Detroit’s Underground Railroad

While the Fugitive Slave Act of 1850 was enforced, formerly enslaved peoples could be captured in the northern United States. Finding a pathway to Canada was critical and Detroit’s strong system of Underground Railroad routes aided formerly enslaved peoples. We will take a bus tour, guided by Jamon Jordan of Black Scroll Network, and explore 10-12 meaningful sites of the secret network of financial, spiritual, and material aid provided to formerly enslaved peoples. Learn Detroit’s code name on the Underground Railroad and learn how over 50,000 people found freedom through their Underground Railroad.

1:30-3 p.m. Opening Plenary
Slanted: How an Asian American Troublemaker Took on the Supreme Court

  • Simon Tam, The Slants Foundation
3:10-4 p.m.


Building Strategic Cross-System Partnerships for Maximum Impact: Public Civics Education for Everyone

  • Anna C. Gersh, Eastern Michigan University
Pedagogy for Thriving Democracy: ‘Stories are Everything’ and other Civic Maxims

  • David Hoffman, University of Maryland, Baltimore County
  • Tess McRae, University of Maryland, Baltimore County
Fostering Social Mobility through Civic Engagement: An Approach to Decolonizing Higher Education

  • Laura Rao, State University of New York, Buffalo State
Strengthening Democracy through Student-Community Partnerships

  • Otto Brown, Washington University in Saint Louis
  • Sarah Nash, Washington University in Saint Louis
Strengthening On-Campus Partnerships to Increase Civic Engagement Efforts

  • Kendra Lutes, Bowling Green State University (OH)
  • Adam Smith, Bowling Green State University (OH)
Red and Blue: Universities as Agents of Democracy in Polarized States

  • Elizabeth Bennion, Indiana University South Bend
  • Elizabeth Parmelee, Metropolitan State University of Denver (CO)
College of the Community: Delta Grows Deep Community Roots and National Recognition

  • Lisa Lawrason, Delta College (MI)
NIFI Session
4-5 p.m.


Missouri State University’s Voter Education Initiative Cultivates Informed Democratic Engagement

  • Emily Fessler, League of Women Voters of Southwest Missouri
  • Ava Taylor, Missouri State University
  • Suzanne Walker-Pacheco, Missouri State University
  • Liz Wertz, Missouri Jobs with Justice
Creating Environments for Sustainable Civic Work via an Institutionalization Audit

  • Chapman Rackaway, Radford University (VA)
National Voter Education Week: Bringing Campuses, Communities Together to Educate New Voters

  • Zoë Williamson Cretini, The Students Learn Students Vote Coalition
  • Jennifer Domagal-Goldman, ALL IN Campus Democracy Challenge
  • Stephanie Rowden, University of Michigan, Ann Arbor
  • Hannah Smotrich, University of Michigan, Ann Arbor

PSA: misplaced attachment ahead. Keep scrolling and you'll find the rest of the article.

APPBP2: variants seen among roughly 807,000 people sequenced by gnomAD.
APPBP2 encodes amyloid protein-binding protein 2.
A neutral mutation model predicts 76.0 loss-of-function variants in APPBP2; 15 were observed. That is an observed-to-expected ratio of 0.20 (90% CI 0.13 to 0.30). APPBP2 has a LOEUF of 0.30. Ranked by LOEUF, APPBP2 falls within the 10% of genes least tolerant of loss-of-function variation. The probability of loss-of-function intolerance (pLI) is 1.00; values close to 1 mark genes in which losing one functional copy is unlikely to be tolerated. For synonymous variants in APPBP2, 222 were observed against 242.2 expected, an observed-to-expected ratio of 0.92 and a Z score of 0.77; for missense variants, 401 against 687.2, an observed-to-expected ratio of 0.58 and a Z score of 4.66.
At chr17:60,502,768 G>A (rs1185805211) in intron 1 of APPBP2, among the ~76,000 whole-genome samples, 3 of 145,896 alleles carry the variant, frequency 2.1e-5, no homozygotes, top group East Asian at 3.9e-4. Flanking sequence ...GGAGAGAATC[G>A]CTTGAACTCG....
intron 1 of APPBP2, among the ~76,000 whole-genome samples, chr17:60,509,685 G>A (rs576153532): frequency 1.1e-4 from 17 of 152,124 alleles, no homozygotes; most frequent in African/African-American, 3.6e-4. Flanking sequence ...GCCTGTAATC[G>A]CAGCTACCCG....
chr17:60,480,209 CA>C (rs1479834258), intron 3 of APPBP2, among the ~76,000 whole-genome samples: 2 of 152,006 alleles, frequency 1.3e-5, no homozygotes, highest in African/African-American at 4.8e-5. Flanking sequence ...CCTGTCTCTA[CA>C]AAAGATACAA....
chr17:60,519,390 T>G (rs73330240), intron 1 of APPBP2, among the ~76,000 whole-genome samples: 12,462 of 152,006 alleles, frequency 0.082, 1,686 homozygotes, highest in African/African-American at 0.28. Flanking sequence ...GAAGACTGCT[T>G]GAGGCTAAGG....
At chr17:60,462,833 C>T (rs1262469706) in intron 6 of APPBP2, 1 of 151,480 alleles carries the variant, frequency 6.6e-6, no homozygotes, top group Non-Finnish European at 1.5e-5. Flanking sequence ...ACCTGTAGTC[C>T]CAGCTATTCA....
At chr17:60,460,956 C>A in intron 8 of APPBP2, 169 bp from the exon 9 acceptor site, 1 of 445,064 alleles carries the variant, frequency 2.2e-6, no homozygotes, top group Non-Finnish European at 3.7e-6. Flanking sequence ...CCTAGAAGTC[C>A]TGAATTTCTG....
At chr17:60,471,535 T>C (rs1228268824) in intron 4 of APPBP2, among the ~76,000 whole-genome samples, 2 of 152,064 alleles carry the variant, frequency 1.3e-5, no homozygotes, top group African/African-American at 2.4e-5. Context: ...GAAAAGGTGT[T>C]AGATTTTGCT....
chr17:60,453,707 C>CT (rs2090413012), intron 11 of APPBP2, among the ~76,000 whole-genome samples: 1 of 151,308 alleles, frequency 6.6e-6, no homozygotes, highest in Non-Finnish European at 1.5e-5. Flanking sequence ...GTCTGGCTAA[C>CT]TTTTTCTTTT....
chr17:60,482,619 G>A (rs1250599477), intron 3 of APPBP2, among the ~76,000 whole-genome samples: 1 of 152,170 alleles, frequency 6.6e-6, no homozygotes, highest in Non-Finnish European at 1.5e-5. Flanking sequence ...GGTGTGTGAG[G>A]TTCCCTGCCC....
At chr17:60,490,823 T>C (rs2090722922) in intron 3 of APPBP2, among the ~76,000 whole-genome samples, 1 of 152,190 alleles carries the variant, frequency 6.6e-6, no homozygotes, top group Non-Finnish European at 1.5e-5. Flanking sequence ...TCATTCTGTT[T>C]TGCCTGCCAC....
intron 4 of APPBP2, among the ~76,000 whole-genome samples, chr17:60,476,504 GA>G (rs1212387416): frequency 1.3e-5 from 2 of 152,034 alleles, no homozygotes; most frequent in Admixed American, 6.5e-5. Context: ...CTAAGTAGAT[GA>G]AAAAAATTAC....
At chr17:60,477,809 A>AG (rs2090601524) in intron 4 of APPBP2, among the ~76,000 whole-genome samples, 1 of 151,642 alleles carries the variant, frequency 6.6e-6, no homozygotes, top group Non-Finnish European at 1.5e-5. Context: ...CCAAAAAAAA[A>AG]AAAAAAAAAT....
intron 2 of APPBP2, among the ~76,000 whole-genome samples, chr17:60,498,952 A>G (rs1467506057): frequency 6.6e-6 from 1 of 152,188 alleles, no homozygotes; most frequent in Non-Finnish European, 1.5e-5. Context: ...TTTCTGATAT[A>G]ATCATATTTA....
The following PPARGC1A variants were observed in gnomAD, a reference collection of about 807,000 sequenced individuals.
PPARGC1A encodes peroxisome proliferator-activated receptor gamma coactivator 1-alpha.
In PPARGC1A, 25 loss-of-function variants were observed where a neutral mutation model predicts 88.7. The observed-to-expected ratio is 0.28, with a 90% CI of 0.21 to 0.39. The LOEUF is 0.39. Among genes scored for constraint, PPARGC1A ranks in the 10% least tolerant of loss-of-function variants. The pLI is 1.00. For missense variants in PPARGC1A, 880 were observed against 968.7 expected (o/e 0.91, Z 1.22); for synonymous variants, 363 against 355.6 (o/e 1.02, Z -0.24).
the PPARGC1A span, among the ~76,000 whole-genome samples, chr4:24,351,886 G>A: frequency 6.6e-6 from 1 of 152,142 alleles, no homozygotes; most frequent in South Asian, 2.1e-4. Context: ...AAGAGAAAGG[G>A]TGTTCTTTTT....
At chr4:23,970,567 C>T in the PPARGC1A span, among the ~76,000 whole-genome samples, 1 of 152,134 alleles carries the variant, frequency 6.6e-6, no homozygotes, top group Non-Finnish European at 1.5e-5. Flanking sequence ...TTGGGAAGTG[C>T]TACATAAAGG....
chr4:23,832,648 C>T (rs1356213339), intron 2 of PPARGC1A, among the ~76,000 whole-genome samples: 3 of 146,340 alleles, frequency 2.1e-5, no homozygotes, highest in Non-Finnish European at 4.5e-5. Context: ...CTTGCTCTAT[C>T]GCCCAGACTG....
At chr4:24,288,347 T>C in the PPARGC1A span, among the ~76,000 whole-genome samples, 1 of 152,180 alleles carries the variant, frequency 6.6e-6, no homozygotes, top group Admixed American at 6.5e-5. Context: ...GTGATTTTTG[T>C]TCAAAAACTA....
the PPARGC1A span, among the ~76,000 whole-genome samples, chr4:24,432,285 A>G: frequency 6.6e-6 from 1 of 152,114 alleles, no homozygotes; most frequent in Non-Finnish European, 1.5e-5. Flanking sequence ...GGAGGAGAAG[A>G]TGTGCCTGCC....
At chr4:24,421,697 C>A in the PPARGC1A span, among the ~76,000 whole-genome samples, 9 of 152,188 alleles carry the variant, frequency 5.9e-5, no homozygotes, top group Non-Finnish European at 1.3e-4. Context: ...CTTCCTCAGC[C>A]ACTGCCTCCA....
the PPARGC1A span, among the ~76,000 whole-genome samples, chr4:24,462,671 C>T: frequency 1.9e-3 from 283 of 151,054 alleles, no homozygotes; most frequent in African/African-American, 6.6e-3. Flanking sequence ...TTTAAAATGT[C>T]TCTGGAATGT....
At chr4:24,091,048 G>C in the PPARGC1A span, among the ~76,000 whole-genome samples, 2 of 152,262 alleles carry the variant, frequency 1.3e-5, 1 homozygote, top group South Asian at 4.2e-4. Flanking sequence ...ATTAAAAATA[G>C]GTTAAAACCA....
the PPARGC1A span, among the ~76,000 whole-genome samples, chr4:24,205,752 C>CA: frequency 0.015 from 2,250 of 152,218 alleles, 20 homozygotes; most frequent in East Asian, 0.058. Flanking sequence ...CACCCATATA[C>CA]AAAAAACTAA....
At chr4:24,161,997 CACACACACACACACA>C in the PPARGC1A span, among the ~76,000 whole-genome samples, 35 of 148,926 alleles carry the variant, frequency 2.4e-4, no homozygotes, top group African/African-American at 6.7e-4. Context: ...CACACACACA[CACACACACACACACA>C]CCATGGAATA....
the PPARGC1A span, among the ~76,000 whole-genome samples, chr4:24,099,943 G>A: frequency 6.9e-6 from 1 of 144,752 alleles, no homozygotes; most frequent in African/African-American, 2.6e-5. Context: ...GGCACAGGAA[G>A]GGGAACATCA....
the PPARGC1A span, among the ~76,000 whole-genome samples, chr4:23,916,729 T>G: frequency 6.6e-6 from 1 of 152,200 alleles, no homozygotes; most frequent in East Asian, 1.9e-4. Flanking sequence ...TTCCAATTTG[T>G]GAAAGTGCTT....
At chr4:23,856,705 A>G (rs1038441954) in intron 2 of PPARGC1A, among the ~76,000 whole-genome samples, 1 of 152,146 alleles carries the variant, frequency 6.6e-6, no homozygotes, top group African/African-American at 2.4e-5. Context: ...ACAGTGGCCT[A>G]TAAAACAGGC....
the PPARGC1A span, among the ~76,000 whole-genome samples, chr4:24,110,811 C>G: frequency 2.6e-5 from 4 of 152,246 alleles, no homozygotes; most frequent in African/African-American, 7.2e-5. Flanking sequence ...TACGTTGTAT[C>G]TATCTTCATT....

Leading through Service: University-Community Partnerships in Urban Schools

  • Teranda Donatto, University of Houston
  • Stephanie Perez-Gill, University of Houston
Environmental Impact: A Strategic Guide for Campus & Community Partnerships

  • Sandy Pope, Salisbury University (MD)
  • Ryan Weaver, Salisbury University (MD)
Daring To Diversify: Rhetoric and Strategies in a Post-Affirmative Action World

  • Catherine Copeland, AASCU
  • Paul Cook, Indiana University Kokomo
  • Byron B. Craig, Illinois State University
  • Erin O’Hanlon, Stockton University (NJ)
Testifying for Civic Futures: We the People In and Beyond the Classroom
Empowering Students to Create and Lead Policy Issue Forums in the Classroom

  • Eric Gondella, Slippery Rock University (PA)
  • Cheryl Z. Kerchis, Slippery Rock University (PA)
  • David Kershaw, Slippery Rock University (PA)
  • Grace Klutinoty, Slippery Rock University (PA)
  • Sarah Luiken, Slippery Rock University (PA)
5-6:30 p.m. Opening Reception
5:15-6:30 p.m.


Dialogue ACTS

  • Lane McLelland, The University of Alabama
Engaging Student Organizations Through a Co-Curricular Experiential Learning Program

  • Allison Sweet, University of Michigan, Ann Arbor
  • Angie Zill, University of Michigan, Ann Arbor
Combining Environmental Justice & Sustainability Themes with Civic Learning & Democratic Engagement Skill Development

  • Laura Mulvey, Bridgewater State University (MA)
  • David O’Malley, Bridgewater State University (MA)
Involving Candidates in Campus Voter Guides, Town Hhalls, and Other Nonpartisan Efforts
Know Our Ballot: MTSU Students Educate Fellow Students About Our Legislators

  • Victoria Grigsby, Middle Tennessee State University
A “Feet First” Approach to Political Talk: A Civic Skill

  • A. Jackson Harris, The University of Alabama
Arizona Citizens Clean Elections Commission Presents Captain Activate! And The Future Voters